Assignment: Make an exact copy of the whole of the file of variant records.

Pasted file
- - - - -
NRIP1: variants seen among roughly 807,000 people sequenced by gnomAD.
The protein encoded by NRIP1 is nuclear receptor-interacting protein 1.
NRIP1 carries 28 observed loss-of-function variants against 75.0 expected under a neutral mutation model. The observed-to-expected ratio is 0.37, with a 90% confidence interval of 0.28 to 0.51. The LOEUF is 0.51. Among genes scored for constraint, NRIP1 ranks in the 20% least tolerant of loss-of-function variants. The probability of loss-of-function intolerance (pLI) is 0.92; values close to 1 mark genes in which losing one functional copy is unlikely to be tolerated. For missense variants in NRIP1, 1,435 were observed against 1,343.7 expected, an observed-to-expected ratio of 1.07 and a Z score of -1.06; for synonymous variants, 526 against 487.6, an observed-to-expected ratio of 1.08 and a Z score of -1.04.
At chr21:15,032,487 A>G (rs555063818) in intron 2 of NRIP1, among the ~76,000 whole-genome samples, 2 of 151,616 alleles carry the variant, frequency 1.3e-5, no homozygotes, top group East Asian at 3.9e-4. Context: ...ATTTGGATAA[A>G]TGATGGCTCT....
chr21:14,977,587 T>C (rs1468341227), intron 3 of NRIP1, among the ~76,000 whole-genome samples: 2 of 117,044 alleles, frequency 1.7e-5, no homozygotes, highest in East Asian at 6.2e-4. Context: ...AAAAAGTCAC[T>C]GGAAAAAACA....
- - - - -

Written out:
NRIP1: variants seen among roughly 807,000 people sequenced by gnomAD.
The protein encoded by NRIP1 is nuclear receptor-interacting protein 1.
NRIP1 carries 28 observed loss-of-function variants against 75.0 expected under a neutral mutation model. The observed-to-expected ratio is 0.37, with a 90% confidence interval of 0.28 to 0.51. The LOEUF is 0.51. Among genes scored for constraint, NRIP1 ranks in the 20% least tolerant of loss-of-function variants. The probability of loss-of-function intolerance (pLI) is 0.92; values close to 1 mark genes in which losing one functional copy is unlikely to be tolerated. For missense variants in NRIP1, 1,435 were observed against 1,343.7 expected, an observed-to-expected ratio of 1.07 and a Z score of -1.06; for synonymous variants, 526 against 487.6, an observed-to-expected ratio of 1.08 and a Z score of -1.04.
At chr21:15,032,487 A>G (rs555063818) in intron 2 of NRIP1, among the ~76,000 whole-genome samples, 2 of 151,616 alleles carry the variant, frequency 1.3e-5, no homozygotes, top group East Asian at 3.9e-4. Context: ...ATTTGGATAA[A>G]TGATGGCTCT....
chr21:14,977,587 T>C (rs1468341227), intron 3 of NRIP1, among the ~76,000 whole-genome samples: 2 of 117,044 alleles, frequency 1.7e-5, no homozygotes, highest in East Asian at 6.2e-4. Context: ...AAAAAGTCAC[T>C]GGAAAAAACA....